- Has a commonality of interest - members belong to the same trade, profession, or industry OR they have their principal place of business in the same region that does not extend beyond the same state, unless in the same metropolitan area, for example, Kansas City, MO/KS
In addition, employer members must:
- Be an employer of at least one employee who is a participant in the plan, but which can be a “working owner”
- Offer coverage only to employees, former employees, and their beneficiaries
Self-employed individuals are eligible for membership under the proposed rules, including unincorporated sole proprietorships, as long as the individual does not have subsidized group health plan coverage available to him/her through an employer or a spouse’s employer.
- Works 30 or more hours per week or 120 or more hours per month in their trade or business, or
- Earned income in the trade/business exceeds the cost of the insurance for them, including the cost for any beneficiaries
While the proposed rules present potential opportunities for employers, including small businesses and sole proprietors, these opportunities are not without challenges. AHPs are multiple employer welfare arrangements (“MEWAs”), which are restricted or prohibited in many states.
For example, Iowa considers self-funded MEWAs unauthorized insurers unless they meet specific requirements, including having been in existence and providing health insurance in Iowa since July 1, 1992. Unless this law is changed, new self-funded AHPs or self-funded AHPs established out of state wanting to enter Iowa for the first time, would not currently be allowed.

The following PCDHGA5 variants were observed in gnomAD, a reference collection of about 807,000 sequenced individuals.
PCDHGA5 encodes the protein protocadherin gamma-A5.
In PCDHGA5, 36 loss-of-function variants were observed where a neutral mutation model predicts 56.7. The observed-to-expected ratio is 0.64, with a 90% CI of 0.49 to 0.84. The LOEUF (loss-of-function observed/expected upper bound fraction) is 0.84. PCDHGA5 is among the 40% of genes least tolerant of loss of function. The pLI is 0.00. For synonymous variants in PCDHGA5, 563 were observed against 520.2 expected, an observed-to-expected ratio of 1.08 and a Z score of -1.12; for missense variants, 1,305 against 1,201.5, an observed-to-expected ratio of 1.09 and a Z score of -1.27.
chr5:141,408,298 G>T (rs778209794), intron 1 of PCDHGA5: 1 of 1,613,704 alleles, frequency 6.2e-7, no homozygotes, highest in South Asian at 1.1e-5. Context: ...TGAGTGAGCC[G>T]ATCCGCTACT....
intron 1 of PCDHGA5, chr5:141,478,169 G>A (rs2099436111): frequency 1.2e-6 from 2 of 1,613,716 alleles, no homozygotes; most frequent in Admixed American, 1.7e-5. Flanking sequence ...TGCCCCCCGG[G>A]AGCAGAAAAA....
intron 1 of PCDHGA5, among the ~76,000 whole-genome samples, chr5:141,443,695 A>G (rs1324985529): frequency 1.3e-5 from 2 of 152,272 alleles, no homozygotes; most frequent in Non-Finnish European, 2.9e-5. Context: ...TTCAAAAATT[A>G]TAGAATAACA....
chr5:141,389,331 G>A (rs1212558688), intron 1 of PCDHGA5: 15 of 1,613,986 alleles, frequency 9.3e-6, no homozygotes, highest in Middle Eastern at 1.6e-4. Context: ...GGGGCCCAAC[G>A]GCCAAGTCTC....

Premium savings in AHPs may be uncertain due to an unstable pool, fluctuation in membership, or adverse selection. In addition, in the past MEWAs have been susceptible to potential fraud and mismanagement resulting in insolvency and bankruptcies. It is also possible the proposed rules could further damage the individual and small group markets, limiting available coverage and increasing the costs.
If the proposed rules are finalized, businesses and individuals are likely to see a myriad of new options in the marketplace targeted to specific industries or offered to employers within the same state or region. Whether these plans will result in lower premiums likely depends upon the coverage offered and the size, stability, and health of the group.
The proposed rules are under public commenting stage until March 6, 2018.
Associations, businesses, and others seeking to establish an AHP should consult with legal counsel experienced in advising MEWAs to assist the AHP in determining the organizational structure; navigating the wide array of state and federal regulations which will be applicable to the AHP and its association sponsor, as well as drafting governing documents, plan documents, and participating employer agreements.
This blog is for educational purposes only, as well as to give you general information and a general understanding of the law, not to provide specific legal advice. By using this blog, you understand that there is no attorney-client relationship between you and the blog. The blog should not be used as a substitute for competent legal advice from a licensed professional attorney in your state.